d. Bradbury contravened section 221.1(2) of the Alberta when he provided materially misleading or untrue statements to ASC Staff in September 2011; and

e. Bradbury's conduct was contrary to the public interest.

The ASC Order

20. The ASC Order imposed the following sanctions, conditions, restrictions or requirements upon Bradbury:

Market-Access Bans

(i) under section 198(1)(d) of the Alberta Act, he must resign all positions he holds as a director or officer of any issuer, registrant, investment fund manager, recognized exchange, recognized self-regulatory organization, recognized clearing agency, recognized trade repository or recognized quotation and trade reporting system;

(ii) under section 198(1)(b) of the Alberta Act, he must permanently cease trading in or purchasing securities or derivatives, except that the ASC Order does not preclude him from trading in or purchasing securities through a registrant (who has first been given a copy of the ASC Order) in accounts maintained with that registrant for the benefit of one or more of himself and members of his immediate family;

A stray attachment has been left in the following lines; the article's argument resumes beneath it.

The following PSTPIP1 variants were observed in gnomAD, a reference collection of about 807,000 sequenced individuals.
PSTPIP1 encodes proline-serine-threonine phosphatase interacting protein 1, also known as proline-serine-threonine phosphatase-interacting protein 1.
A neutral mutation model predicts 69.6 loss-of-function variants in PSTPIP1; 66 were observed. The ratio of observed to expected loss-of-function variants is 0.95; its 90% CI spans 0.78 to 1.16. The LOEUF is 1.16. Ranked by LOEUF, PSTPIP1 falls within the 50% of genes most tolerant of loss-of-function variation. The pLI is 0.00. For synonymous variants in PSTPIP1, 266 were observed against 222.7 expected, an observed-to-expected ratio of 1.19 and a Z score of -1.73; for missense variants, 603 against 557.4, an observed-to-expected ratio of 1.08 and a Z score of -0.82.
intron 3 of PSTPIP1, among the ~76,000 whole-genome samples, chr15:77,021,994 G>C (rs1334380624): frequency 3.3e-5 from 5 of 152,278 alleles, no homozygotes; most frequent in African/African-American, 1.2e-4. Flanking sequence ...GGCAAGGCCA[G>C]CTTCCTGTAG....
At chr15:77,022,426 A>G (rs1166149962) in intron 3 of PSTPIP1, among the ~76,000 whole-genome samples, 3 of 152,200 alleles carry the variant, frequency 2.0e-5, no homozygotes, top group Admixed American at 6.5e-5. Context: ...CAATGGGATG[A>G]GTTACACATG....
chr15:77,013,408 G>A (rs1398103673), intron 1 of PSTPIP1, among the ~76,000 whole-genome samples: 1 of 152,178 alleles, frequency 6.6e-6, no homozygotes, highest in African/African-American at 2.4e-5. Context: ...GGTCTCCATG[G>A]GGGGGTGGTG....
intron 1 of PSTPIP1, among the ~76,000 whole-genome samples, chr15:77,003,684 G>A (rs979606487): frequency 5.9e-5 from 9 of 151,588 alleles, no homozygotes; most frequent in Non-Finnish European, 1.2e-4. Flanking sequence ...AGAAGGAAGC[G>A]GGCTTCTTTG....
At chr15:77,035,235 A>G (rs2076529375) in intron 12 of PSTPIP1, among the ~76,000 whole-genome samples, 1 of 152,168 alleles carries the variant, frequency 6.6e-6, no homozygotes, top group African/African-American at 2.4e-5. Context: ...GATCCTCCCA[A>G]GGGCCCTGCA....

(iii) under section 198(1)(c) of the Alberta Act, all of the exemptions contained in Alberta securities laws do not apply to him, permanently;

(iv) under section 198(1)(e) of the Alberta Act, he is prohibited, permanently, from becoming or acting as a director or officer (or both) of any issuer (or other person or company that is authorized to issue securities), registrant, investment fund manager, recognized exchange, recognized self-regulatory organization, recognized clearing agency, recognized trade repository or recognized quotation and trade reporting system;

(v) under section 198(1)(e.1) of the Alberta Act, he is prohibited, permanently, from advising in securities or derivatives;